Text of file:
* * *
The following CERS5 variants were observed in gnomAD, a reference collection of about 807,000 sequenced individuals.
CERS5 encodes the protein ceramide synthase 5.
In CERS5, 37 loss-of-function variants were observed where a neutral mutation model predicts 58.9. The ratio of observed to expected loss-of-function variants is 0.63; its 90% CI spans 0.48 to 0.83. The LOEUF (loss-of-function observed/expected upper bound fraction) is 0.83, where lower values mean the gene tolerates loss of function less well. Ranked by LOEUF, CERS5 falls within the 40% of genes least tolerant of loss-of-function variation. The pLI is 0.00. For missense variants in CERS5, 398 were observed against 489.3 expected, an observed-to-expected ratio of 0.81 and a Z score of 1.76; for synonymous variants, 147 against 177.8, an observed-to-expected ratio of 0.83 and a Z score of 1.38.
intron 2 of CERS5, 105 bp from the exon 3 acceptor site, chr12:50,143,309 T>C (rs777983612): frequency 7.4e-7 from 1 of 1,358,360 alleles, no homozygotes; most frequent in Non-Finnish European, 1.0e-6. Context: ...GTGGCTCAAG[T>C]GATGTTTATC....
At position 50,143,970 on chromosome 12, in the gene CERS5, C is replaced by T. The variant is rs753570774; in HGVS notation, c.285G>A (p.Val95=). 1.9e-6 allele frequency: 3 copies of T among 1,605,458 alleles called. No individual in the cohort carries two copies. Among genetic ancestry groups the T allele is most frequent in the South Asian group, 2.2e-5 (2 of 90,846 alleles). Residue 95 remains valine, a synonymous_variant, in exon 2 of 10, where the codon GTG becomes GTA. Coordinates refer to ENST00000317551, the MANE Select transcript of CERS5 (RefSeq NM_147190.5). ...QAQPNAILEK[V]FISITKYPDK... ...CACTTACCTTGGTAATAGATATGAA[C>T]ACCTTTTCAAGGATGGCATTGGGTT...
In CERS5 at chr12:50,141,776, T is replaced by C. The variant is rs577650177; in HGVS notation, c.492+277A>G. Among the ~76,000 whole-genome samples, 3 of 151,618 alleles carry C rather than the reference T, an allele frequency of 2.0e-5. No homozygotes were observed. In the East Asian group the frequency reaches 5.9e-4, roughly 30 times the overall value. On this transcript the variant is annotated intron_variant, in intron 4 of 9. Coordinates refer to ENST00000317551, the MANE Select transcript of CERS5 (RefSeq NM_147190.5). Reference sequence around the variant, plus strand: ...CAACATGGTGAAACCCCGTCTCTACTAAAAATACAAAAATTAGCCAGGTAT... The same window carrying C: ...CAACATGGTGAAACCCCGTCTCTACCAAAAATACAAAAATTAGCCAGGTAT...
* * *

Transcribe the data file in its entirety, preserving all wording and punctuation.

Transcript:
The following CERS5 variants were observed in gnomAD, a reference collection of about 807,000 sequenced individuals.
CERS5 encodes the protein ceramide synthase 5.
In CERS5, 37 loss-of-function variants were observed where a neutral mutation model predicts 58.9. The ratio of observed to expected loss-of-function variants is 0.63; its 90% CI spans 0.48 to 0.83. The LOEUF (loss-of-function observed/expected upper bound fraction) is 0.83, where lower values mean the gene tolerates loss of function less well. Ranked by LOEUF, CERS5 falls within the 40% of genes least tolerant of loss-of-function variation. The pLI is 0.00. For missense variants in CERS5, 398 were observed against 489.3 expected, an observed-to-expected ratio of 0.81 and a Z score of 1.76; for synonymous variants, 147 against 177.8, an observed-to-expected ratio of 0.83 and a Z score of 1.38.
intron 2 of CERS5, 105 bp from the exon 3 acceptor site, chr12:50,143,309 T>C (rs777983612): frequency 7.4e-7 from 1 of 1,358,360 alleles, no homozygotes; most frequent in Non-Finnish European, 1.0e-6. Context: ...GTGGCTCAAG[T>C]GATGTTTATC....
At position 50,143,970 on chromosome 12, in the gene CERS5, C is replaced by T. The variant is rs753570774; in HGVS notation, c.285G>A (p.Val95=). 1.9e-6 allele frequency: 3 copies of T among 1,605,458 alleles called. No individual in the cohort carries two copies. Among genetic ancestry groups the T allele is most frequent in the South Asian group, 2.2e-5 (2 of 90,846 alleles). Residue 95 remains valine, a synonymous_variant, in exon 2 of 10, where the codon GTG becomes GTA. Coordinates refer to ENST00000317551, the MANE Select transcript of CERS5 (RefSeq NM_147190.5). ...QAQPNAILEK[V]FISITKYPDK... ...CACTTACCTTGGTAATAGATATGAA[C>T]ACCTTTTCAAGGATGGCATTGGGTT...
In CERS5 at chr12:50,141,776, T is replaced by C. The variant is rs577650177; in HGVS notation, c.492+277A>G. Among the ~76,000 whole-genome samples, 3 of 151,618 alleles carry C rather than the reference T, an allele frequency of 2.0e-5. No homozygotes were observed. In the East Asian group the frequency reaches 5.9e-4, roughly 30 times the overall value. On this transcript the variant is annotated intron_variant, in intron 4 of 9. Coordinates refer to ENST00000317551, the MANE Select transcript of CERS5 (RefSeq NM_147190.5). Reference sequence around the variant, plus strand: ...CAACATGGTGAAACCCCGTCTCTACTAAAAATACAAAAATTAGCCAGGTAT... The same window carrying C: ...CAACATGGTGAAACCCCGTCTCTACCAAAAATACAAAAATTAGCCAGGTAT...